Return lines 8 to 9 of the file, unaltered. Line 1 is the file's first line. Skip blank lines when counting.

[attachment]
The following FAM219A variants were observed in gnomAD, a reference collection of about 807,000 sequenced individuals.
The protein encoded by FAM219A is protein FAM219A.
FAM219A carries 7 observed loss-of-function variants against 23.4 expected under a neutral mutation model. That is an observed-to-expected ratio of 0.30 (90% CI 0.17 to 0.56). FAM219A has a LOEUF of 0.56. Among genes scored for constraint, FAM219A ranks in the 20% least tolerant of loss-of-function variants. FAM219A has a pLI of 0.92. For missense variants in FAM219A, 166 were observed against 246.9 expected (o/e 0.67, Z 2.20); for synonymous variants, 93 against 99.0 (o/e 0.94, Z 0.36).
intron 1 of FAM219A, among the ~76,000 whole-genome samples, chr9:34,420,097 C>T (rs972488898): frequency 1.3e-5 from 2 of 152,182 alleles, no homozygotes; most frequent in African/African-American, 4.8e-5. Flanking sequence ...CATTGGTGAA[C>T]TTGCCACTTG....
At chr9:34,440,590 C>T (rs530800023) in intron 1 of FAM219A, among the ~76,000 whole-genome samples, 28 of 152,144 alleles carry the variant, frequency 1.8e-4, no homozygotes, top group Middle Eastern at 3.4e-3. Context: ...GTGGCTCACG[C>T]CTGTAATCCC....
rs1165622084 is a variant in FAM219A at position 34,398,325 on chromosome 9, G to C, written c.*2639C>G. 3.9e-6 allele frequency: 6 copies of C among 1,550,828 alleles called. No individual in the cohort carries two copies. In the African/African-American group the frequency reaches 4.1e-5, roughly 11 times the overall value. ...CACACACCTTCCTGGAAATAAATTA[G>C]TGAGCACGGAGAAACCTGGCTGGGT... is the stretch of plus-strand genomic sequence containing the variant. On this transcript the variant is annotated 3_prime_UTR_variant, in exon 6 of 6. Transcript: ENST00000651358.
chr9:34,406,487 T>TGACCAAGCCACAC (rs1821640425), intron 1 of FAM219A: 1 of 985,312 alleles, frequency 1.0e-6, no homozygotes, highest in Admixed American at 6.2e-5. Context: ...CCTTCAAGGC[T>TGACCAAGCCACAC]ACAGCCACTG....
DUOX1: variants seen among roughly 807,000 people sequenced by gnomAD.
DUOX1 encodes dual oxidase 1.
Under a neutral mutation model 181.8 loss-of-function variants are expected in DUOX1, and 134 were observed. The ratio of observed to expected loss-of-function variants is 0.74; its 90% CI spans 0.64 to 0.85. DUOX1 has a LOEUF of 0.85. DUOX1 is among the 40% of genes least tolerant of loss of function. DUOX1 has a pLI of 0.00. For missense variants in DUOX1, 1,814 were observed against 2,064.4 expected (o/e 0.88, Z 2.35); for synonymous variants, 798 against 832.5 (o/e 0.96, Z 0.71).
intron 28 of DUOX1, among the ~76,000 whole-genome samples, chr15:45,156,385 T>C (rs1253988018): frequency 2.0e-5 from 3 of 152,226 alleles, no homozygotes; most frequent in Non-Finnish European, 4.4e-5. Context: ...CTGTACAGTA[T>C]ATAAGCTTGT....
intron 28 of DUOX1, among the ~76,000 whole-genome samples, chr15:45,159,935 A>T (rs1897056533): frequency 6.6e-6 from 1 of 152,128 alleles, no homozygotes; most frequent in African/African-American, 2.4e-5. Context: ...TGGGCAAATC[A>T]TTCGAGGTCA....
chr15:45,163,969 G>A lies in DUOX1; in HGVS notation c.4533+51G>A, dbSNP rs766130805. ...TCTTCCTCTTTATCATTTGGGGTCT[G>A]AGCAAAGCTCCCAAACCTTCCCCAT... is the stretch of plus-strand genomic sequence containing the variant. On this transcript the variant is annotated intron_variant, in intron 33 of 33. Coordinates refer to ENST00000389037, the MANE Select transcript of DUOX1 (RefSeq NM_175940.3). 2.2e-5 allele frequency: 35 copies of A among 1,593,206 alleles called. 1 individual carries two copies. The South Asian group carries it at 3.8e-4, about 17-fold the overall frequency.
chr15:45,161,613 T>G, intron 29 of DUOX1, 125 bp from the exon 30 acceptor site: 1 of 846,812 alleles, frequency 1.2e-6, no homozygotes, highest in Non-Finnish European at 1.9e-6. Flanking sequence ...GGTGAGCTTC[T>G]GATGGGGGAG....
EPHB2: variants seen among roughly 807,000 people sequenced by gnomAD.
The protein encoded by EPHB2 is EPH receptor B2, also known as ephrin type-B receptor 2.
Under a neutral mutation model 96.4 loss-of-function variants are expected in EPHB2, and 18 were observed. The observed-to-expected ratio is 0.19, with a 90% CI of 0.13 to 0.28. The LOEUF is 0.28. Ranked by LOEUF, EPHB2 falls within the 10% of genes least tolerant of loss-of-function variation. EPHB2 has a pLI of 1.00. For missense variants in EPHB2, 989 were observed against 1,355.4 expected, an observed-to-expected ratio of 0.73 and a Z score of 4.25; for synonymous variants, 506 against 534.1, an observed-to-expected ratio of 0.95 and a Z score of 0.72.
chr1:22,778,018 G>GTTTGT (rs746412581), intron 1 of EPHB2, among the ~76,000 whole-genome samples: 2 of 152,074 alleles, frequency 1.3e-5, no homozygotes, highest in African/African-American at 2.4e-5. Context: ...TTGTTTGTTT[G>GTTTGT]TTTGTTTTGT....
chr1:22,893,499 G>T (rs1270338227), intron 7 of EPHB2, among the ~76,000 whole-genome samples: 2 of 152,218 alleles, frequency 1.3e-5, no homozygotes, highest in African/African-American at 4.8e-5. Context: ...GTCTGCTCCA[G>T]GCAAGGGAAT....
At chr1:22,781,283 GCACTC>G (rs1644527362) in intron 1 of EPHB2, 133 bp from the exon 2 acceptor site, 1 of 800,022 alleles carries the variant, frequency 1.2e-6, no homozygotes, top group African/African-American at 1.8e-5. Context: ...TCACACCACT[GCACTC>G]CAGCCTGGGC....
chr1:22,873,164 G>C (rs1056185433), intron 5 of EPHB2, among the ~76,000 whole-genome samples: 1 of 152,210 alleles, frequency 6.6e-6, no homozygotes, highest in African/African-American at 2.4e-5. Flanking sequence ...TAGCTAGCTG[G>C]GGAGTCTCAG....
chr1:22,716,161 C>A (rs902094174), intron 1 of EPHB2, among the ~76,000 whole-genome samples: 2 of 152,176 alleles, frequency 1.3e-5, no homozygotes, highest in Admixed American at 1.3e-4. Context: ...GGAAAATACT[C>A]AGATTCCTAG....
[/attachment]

DUOX1: variants seen among roughly 807,000 people sequenced by gnomAD.
DUOX1 encodes dual oxidase 1.